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After new RAD 2023 data bolstered the evidence for lebrikizumab, clinicians are looking to see where the investigative drug may fit into the atopic dermatitis armamentarium.
A series of phase 3 trial analysis data presented at the Revolutionizing Atoipc Dermatitis (RAD) 2023 Spring Conference this weekend bolstered the understood capability of investigative lebrikizumab in the treatment of moderate to severe atopic dermatitis.
Among the presented trials was an assessment showing the interleukin-13 (IL-13) inhibitor was associated with a majority of successfully treated patients achieving benefit for face and/hand eczema—a difficult-to-reach outcome for systemic therapies.1
The new data come within short time of an anticipated US Food and Drug Administration (FDA) decision on the Eli Lilly application for lebrikizumab to treat atopic dermatitis, on the basis of the ADhere and ADvocate trial findings.
In an interview with HCPLive during RAD 2023, lebrikizumab investigator Jenny Murase, MD, associate clinical professor of dermatology at the University of California San Francisco and director of medical dermatology consultative services and patch testing for the Palo Alto Foundation Medical Group, discussed the significance and details into her team’s assessment of the agent for face and hand dermatitis, the unique characteristics of lebrikizumab, and what more needs to be understood about it leading up to a potential marketing decision.
HCPLive: What exactly are patients who experience eczema on their hands and face are going through that makes them more pivotal targets for research and treatment?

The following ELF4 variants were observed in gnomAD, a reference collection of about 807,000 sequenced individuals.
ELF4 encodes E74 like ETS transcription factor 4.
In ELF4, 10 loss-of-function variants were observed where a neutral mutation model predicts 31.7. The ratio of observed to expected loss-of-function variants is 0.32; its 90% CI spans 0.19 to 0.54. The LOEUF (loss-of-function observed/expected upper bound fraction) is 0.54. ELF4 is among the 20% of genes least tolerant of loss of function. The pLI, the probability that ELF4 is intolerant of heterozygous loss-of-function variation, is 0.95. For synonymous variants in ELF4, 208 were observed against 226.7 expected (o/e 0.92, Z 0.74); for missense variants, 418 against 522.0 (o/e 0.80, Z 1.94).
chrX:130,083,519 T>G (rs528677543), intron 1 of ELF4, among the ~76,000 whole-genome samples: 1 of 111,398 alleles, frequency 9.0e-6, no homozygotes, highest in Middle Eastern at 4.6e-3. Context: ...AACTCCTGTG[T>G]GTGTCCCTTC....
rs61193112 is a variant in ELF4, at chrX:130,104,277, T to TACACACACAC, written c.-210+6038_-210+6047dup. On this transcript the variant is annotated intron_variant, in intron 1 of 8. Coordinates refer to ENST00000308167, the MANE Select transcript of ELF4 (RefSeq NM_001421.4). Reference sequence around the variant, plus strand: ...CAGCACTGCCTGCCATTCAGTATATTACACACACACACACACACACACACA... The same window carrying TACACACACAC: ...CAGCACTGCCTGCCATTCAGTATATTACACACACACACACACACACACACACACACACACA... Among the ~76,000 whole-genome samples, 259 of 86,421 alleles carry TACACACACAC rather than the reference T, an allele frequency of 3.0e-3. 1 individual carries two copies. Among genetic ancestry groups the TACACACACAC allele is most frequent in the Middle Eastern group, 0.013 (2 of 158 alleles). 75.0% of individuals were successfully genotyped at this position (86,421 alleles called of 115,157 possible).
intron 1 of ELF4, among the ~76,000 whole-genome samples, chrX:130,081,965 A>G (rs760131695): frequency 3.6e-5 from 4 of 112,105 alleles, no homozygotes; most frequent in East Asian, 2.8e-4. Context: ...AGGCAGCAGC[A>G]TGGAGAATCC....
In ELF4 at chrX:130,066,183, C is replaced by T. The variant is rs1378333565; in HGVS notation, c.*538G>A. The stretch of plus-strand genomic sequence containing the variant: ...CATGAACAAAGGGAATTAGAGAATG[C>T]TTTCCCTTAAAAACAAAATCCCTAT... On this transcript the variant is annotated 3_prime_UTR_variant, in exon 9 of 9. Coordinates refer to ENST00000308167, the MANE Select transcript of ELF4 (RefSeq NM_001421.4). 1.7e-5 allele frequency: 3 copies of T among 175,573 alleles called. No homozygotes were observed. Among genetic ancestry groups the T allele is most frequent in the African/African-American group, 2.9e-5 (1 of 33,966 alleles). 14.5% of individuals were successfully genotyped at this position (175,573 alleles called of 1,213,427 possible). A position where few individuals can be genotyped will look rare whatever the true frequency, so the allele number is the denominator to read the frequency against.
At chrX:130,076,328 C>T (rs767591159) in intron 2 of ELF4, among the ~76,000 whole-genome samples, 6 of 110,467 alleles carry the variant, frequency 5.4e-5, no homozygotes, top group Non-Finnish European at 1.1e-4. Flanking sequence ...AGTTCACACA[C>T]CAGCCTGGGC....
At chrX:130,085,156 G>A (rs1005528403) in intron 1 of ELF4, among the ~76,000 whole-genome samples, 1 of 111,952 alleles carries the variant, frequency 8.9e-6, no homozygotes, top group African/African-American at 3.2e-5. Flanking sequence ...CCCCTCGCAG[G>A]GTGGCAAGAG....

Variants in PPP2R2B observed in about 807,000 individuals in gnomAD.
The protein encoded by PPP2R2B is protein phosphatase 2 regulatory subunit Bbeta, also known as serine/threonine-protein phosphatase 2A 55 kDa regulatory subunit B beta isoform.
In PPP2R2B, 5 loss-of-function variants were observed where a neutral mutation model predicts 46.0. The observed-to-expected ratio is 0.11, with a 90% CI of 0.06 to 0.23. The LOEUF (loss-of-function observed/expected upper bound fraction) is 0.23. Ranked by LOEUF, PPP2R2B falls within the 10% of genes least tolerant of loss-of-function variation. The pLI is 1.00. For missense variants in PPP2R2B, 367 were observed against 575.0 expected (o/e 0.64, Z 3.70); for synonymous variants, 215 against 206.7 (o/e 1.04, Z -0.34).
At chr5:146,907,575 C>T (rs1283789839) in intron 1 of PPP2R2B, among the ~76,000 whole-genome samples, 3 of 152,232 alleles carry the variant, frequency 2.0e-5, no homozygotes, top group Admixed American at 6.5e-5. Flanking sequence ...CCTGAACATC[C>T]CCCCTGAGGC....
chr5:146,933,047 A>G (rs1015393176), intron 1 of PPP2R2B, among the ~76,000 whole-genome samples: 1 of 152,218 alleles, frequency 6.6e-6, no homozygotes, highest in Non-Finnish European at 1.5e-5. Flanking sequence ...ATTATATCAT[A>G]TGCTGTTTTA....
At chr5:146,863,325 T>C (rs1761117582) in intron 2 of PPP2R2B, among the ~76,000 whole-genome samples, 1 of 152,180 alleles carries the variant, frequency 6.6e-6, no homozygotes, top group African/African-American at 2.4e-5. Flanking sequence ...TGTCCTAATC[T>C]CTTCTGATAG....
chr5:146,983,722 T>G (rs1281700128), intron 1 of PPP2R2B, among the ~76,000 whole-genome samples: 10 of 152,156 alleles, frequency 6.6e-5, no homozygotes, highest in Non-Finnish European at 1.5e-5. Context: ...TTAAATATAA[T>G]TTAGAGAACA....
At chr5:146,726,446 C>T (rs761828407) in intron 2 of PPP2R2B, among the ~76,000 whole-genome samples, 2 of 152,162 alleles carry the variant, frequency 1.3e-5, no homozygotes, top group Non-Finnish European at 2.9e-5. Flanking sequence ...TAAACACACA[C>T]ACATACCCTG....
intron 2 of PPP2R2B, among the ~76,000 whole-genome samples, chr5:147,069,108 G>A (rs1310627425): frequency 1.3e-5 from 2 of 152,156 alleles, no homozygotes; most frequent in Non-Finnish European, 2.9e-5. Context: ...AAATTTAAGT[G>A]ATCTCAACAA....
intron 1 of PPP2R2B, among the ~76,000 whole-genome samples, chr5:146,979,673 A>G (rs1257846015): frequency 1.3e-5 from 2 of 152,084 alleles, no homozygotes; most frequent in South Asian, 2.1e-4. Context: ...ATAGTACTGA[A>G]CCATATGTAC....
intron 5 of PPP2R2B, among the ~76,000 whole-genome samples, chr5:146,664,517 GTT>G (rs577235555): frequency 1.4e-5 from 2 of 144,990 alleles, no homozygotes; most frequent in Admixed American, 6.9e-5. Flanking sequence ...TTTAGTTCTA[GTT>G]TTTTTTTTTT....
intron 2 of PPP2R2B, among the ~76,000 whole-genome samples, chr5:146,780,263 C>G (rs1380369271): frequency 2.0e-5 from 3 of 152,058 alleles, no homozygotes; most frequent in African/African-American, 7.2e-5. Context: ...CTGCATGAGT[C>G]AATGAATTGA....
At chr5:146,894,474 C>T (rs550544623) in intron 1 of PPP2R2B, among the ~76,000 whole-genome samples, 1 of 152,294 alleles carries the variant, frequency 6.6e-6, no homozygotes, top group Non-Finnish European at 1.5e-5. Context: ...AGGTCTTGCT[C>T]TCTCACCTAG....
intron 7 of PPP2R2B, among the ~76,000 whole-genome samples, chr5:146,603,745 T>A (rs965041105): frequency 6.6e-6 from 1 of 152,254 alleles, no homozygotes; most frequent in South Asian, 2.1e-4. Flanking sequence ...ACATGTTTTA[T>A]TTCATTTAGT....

Murase: I think that having atopic dermatitis, in terms of its impact on quality of life, with the pruritus that you experience—it's somewhere between having cystic fibrosis and having a kidney transplant. There's a huge impact on quality of life, because of the severity of the itch, but then when the hands and face in particular are involved, then the impact on quality of life goes up even more so.
Patients feel like they can't leave the house because their face is covered in dermatitis that can be cracking, oozing. They can't use their hands just function because there's fissures and pain associated with the disease. So, it just makes it that much more impactful to have those 2 areas of the body in particular involved.
With that in mind, how exactly do the characteristics of lebrikizumab—its efficacy, mechanism of action and its administration—help result in benefit for patients with hand and face eczema?
I think that when patients are deciding to go from topical therapy and/or light treatment to a systemic agent, there's a step that needs to be made where the patient is trying to decide if it's worth it to take some kind of oral pill or injectable medication. And oftentimes in clinic, patients want to be on something that does not require blood tests, because they're concerned about the risk associated with even needing a blood test to evaluate how they are doing on a medication.